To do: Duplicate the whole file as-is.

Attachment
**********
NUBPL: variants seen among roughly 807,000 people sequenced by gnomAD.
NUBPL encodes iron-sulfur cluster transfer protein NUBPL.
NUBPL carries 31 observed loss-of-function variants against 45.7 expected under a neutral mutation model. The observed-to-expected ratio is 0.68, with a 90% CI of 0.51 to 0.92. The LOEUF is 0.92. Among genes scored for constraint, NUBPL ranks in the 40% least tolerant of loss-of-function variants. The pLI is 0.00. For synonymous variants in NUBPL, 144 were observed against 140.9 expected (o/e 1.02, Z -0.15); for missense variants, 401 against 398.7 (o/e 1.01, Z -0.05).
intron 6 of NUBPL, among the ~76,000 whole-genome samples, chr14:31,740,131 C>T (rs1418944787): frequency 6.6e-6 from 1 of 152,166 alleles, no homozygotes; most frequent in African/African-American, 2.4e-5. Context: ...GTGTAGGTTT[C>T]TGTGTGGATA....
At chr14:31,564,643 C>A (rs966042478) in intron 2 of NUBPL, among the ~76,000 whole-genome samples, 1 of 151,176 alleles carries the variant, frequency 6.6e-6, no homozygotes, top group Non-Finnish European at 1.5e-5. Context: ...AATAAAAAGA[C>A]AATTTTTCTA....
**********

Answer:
NUBPL: variants seen among roughly 807,000 people sequenced by gnomAD.
NUBPL encodes iron-sulfur cluster transfer protein NUBPL.
NUBPL carries 31 observed loss-of-function variants against 45.7 expected under a neutral mutation model. The observed-to-expected ratio is 0.68, with a 90% CI of 0.51 to 0.92. The LOEUF is 0.92. Among genes scored for constraint, NUBPL ranks in the 40% least tolerant of loss-of-function variants. The pLI is 0.00. For synonymous variants in NUBPL, 144 were observed against 140.9 expected (o/e 1.02, Z -0.15); for missense variants, 401 against 398.7 (o/e 1.01, Z -0.05).
intron 6 of NUBPL, among the ~76,000 whole-genome samples, chr14:31,740,131 C>T (rs1418944787): frequency 6.6e-6 from 1 of 152,166 alleles, no homozygotes; most frequent in African/African-American, 2.4e-5. Context: ...GTGTAGGTTT[C>T]TGTGTGGATA....
At chr14:31,564,643 C>A (rs966042478) in intron 2 of NUBPL, among the ~76,000 whole-genome samples, 1 of 151,176 alleles carries the variant, frequency 6.6e-6, no homozygotes, top group Non-Finnish European at 1.5e-5. Context: ...AATAAAAAGA[C>A]AATTTTTCTA....